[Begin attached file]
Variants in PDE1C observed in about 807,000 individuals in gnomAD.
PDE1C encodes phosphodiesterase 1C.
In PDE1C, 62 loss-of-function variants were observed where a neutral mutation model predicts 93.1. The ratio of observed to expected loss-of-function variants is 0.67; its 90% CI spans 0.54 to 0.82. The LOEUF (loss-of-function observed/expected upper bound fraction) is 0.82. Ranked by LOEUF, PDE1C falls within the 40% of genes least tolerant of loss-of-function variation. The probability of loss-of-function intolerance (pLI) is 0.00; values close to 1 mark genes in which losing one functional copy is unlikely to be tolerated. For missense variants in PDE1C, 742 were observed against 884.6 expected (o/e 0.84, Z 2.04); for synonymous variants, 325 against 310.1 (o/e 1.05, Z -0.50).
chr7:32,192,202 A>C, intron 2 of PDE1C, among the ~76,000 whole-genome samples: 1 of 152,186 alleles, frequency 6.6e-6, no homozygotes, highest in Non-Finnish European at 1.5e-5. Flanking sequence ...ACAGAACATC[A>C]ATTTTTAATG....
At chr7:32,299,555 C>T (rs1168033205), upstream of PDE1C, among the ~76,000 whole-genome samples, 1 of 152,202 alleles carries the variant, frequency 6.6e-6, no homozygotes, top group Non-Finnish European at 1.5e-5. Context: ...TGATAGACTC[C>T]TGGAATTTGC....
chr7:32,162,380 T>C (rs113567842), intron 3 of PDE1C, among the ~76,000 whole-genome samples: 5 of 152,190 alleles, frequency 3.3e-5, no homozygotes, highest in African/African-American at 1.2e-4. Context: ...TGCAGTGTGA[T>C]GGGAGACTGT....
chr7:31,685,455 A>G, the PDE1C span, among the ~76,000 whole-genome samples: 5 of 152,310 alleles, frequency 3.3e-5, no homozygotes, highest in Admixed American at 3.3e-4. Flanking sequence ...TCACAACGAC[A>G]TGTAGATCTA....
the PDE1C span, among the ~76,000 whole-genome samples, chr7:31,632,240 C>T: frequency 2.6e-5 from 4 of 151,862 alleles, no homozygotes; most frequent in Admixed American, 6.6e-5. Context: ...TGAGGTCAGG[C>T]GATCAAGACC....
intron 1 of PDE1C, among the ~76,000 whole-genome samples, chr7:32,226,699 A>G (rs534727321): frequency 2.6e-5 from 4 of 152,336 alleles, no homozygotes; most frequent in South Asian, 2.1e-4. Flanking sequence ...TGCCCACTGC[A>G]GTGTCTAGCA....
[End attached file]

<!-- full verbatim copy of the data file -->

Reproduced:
Variants in PDE1C observed in about 807,000 individuals in gnomAD.
PDE1C encodes phosphodiesterase 1C.
In PDE1C, 62 loss-of-function variants were observed where a neutral mutation model predicts 93.1. The ratio of observed to expected loss-of-function variants is 0.67; its 90% CI spans 0.54 to 0.82. The LOEUF (loss-of-function observed/expected upper bound fraction) is 0.82. Ranked by LOEUF, PDE1C falls within the 40% of genes least tolerant of loss-of-function variation. The probability of loss-of-function intolerance (pLI) is 0.00; values close to 1 mark genes in which losing one functional copy is unlikely to be tolerated. For missense variants in PDE1C, 742 were observed against 884.6 expected (o/e 0.84, Z 2.04); for synonymous variants, 325 against 310.1 (o/e 1.05, Z -0.50).
chr7:32,192,202 A>C, intron 2 of PDE1C, among the ~76,000 whole-genome samples: 1 of 152,186 alleles, frequency 6.6e-6, no homozygotes, highest in Non-Finnish European at 1.5e-5. Flanking sequence ...ACAGAACATC[A>C]ATTTTTAATG....
At chr7:32,299,555 C>T (rs1168033205), upstream of PDE1C, among the ~76,000 whole-genome samples, 1 of 152,202 alleles carries the variant, frequency 6.6e-6, no homozygotes, top group Non-Finnish European at 1.5e-5. Context: ...TGATAGACTC[C>T]TGGAATTTGC....
chr7:32,162,380 T>C (rs113567842), intron 3 of PDE1C, among the ~76,000 whole-genome samples: 5 of 152,190 alleles, frequency 3.3e-5, no homozygotes, highest in African/African-American at 1.2e-4. Context: ...TGCAGTGTGA[T>C]GGGAGACTGT....
chr7:31,685,455 A>G, the PDE1C span, among the ~76,000 whole-genome samples: 5 of 152,310 alleles, frequency 3.3e-5, no homozygotes, highest in Admixed American at 3.3e-4. Flanking sequence ...TCACAACGAC[A>G]TGTAGATCTA....
the PDE1C span, among the ~76,000 whole-genome samples, chr7:31,632,240 C>T: frequency 2.6e-5 from 4 of 151,862 alleles, no homozygotes; most frequent in Admixed American, 6.6e-5. Context: ...TGAGGTCAGG[C>T]GATCAAGACC....
intron 1 of PDE1C, among the ~76,000 whole-genome samples, chr7:32,226,699 A>G (rs534727321): frequency 2.6e-5 from 4 of 152,336 alleles, no homozygotes; most frequent in South Asian, 2.1e-4. Flanking sequence ...TGCCCACTGC[A>G]GTGTCTAGCA....